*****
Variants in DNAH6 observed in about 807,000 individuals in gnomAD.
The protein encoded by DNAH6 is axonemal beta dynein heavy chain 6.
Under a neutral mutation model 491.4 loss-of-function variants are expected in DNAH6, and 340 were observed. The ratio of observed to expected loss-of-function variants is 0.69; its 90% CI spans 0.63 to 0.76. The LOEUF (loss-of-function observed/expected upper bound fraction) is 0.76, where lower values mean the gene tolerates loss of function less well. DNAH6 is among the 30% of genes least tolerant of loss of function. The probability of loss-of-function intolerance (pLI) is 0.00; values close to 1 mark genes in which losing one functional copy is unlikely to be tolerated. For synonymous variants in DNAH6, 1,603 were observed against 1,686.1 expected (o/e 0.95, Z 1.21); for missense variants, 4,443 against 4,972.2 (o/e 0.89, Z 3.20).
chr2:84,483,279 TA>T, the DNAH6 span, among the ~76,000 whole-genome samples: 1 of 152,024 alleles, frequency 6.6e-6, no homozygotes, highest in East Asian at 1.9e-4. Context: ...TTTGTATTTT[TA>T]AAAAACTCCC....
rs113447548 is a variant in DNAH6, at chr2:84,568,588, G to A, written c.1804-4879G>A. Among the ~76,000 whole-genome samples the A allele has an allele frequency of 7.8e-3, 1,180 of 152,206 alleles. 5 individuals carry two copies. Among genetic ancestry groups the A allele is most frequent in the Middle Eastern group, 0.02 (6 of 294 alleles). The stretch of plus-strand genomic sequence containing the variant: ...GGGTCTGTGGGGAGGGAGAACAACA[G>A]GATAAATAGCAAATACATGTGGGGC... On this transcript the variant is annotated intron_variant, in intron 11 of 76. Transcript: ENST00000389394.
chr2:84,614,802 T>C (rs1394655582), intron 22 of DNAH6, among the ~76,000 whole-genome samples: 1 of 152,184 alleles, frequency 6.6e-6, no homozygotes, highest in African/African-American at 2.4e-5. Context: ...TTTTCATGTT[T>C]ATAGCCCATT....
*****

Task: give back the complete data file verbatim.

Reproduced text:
Variants in DNAH6 observed in about 807,000 individuals in gnomAD.
The protein encoded by DNAH6 is axonemal beta dynein heavy chain 6.
Under a neutral mutation model 491.4 loss-of-function variants are expected in DNAH6, and 340 were observed. The ratio of observed to expected loss-of-function variants is 0.69; its 90% CI spans 0.63 to 0.76. The LOEUF (loss-of-function observed/expected upper bound fraction) is 0.76, where lower values mean the gene tolerates loss of function less well. DNAH6 is among the 30% of genes least tolerant of loss of function. The probability of loss-of-function intolerance (pLI) is 0.00; values close to 1 mark genes in which losing one functional copy is unlikely to be tolerated. For synonymous variants in DNAH6, 1,603 were observed against 1,686.1 expected (o/e 0.95, Z 1.21); for missense variants, 4,443 against 4,972.2 (o/e 0.89, Z 3.20).
chr2:84,483,279 TA>T, the DNAH6 span, among the ~76,000 whole-genome samples: 1 of 152,024 alleles, frequency 6.6e-6, no homozygotes, highest in East Asian at 1.9e-4. Context: ...TTTGTATTTT[TA>T]AAAAACTCCC....
rs113447548 is a variant in DNAH6, at chr2:84,568,588, G to A, written c.1804-4879G>A. Among the ~76,000 whole-genome samples the A allele has an allele frequency of 7.8e-3, 1,180 of 152,206 alleles. 5 individuals carry two copies. Among genetic ancestry groups the A allele is most frequent in the Middle Eastern group, 0.02 (6 of 294 alleles). The stretch of plus-strand genomic sequence containing the variant: ...GGGTCTGTGGGGAGGGAGAACAACA[G>A]GATAAATAGCAAATACATGTGGGGC... On this transcript the variant is annotated intron_variant, in intron 11 of 76. Transcript: ENST00000389394.
chr2:84,614,802 T>C (rs1394655582), intron 22 of DNAH6, among the ~76,000 whole-genome samples: 1 of 152,184 alleles, frequency 6.6e-6, no homozygotes, highest in African/African-American at 2.4e-5. Context: ...TTTTCATGTT[T>C]ATAGCCCATT....